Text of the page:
Covid-19 may not have taken as great a toll on the mental health of most people as earlier research has indicated, a new study suggests.
The pandemic resulted in “minimal” changes in mental health symptoms among the general population, according to a review of 137 studies from around the world led by researchers at McGill University in Canada, and published in the British Medical Journal.
Brett Thombs, a psychiatry professor at McGill University and senior author, said some of the public narrative around the mental health impacts of Covid-19 were based on “poor-quality studies and anecdotes”, which became “self-fulfilling prophecies”, adding that there was a need for more “rigorous science”.
However, some experts disputed this, warning such readings could obscure the impact on individual groups such as children, women and people with low incomes or pre-existing mental health problems. They also said other robust studies had reached different conclusions.
“Mental health in Covid-19 is much more nuanced than people have made it out to be.
“Claims that the mental health of most people has deteriorated significantly during the pandemic have been based primarily on individual studies that are ‘snapshots’ of a particular situation, in a particular place, at a particular time. They typically don’t involve any long-term comparison with what had existed before or came after.”
The researchers at McGill said their findings were consistent with the largest study on suicide during the pandemic – which found no increase – and applied to most groups, including different ages, sexes, genders and whether people had pre-existing conditions. Three-quarters of the research focused on adults, mostly from middle- and high-income countries.
However, they acknowledged that women had experienced worsening anxiety, depression or general mental health symptoms during the pandemic, possibly due to juggling more family responsibilities, or because more work in health or social care, or, in some cases, due to domestic abuse.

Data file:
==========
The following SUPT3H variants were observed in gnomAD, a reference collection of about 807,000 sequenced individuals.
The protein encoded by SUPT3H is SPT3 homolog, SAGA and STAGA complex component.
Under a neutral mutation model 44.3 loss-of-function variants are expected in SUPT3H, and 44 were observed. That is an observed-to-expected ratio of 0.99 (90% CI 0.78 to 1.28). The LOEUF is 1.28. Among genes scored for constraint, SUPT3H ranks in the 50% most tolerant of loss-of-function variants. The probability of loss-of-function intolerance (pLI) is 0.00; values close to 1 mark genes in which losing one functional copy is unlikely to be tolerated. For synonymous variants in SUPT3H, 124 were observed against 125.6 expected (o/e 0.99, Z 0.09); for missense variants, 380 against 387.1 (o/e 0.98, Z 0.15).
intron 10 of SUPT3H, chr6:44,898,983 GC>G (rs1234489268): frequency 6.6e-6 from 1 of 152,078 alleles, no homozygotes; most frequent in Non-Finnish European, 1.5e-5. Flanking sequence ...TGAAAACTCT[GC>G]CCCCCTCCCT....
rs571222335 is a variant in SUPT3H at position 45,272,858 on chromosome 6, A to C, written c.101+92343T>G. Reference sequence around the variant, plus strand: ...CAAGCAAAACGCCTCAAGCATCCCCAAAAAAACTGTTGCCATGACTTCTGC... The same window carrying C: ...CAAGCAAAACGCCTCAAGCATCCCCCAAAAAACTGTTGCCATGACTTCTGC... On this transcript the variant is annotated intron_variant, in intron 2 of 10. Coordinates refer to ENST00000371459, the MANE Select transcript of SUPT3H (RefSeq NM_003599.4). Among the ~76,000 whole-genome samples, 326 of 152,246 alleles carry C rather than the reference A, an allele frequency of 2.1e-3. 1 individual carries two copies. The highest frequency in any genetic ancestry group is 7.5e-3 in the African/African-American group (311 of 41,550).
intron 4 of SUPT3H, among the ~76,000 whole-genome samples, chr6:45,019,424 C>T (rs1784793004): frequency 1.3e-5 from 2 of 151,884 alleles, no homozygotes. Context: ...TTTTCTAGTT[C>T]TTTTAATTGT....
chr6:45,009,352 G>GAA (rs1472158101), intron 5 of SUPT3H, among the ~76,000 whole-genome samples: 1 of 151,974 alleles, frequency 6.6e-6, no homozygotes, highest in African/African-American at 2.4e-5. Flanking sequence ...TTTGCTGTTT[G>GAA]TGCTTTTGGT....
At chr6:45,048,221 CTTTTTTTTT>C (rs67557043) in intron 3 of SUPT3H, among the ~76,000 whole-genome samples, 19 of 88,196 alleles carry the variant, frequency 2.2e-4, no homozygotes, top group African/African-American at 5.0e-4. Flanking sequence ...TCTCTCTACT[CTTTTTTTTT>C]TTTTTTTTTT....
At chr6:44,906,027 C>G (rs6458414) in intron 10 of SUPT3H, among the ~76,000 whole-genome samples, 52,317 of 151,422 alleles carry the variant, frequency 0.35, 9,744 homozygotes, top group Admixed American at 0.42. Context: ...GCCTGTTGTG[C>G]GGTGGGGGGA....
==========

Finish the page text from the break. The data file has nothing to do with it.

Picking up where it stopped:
The researchers further noted that depression symptoms had worsened by “minimal to small amounts” for older adults, university students, people who self-identified as belonging to a sexual or gender minority group and parents.
The team concluded that governments and health agencies need to produce better quality and more timely mental health data to better target resources, and that governments should continue to properly fund services, especially for the groups worst affected by the pandemic.
Other research has suggested the mental health impact of the pandemic has been much more severe. In 2021, researchers at the University of Queensland determined that anxiety and depression around the world increased dramatically in 2020, while in April 2021 the Royal College of Psychiatrists observed a sharp rise in mental ill health, and in February 2022 NHS leaders warned of a “second pandemic” of depression, anxiety, psychosis and eating disorders.
Commenting on the McGill study, Gemma Knowles, from the Centre for Society and Mental Health at King’s College London, said the findings echoed other research, including her own, showing that some people’s mental health improved and others’ deteriorated during the pandemic, which could mean no overall increase.
She added that the study, which takes a broad view and includes limited analyses broken down by subgrouping, “risks obscuring important effects among the most affected and disadvantaged groups and, from that, obscuring possible widening of inequalities in mental distress that occurred because of the pandemic”.
Roman Raczka, chair of the British Psychological Society’s division of clinical psychology, agreed: “We do not yet have the full picture, and further studies are needed into the impact of the pandemic on groups experiencing longstanding social and health inequities. We do know that overstretched and underfunded mental health services have been unable to meet soaring demand in recent years. It is vital that the government adequately funds services to deliver the support that is needed.”
But Prof Peter Tyrer, emeritus professor in community psychiatry, Imperial College London, stressed that the McGill work was “of good quality and reflects much of what we now know”.
He agreed with the researchers’ conclusion that the pandemic had a similar positive effect on resilience to wars because “social cohesion, despite the handicaps of lockdown and social distancing, improves when there is a common enemy”.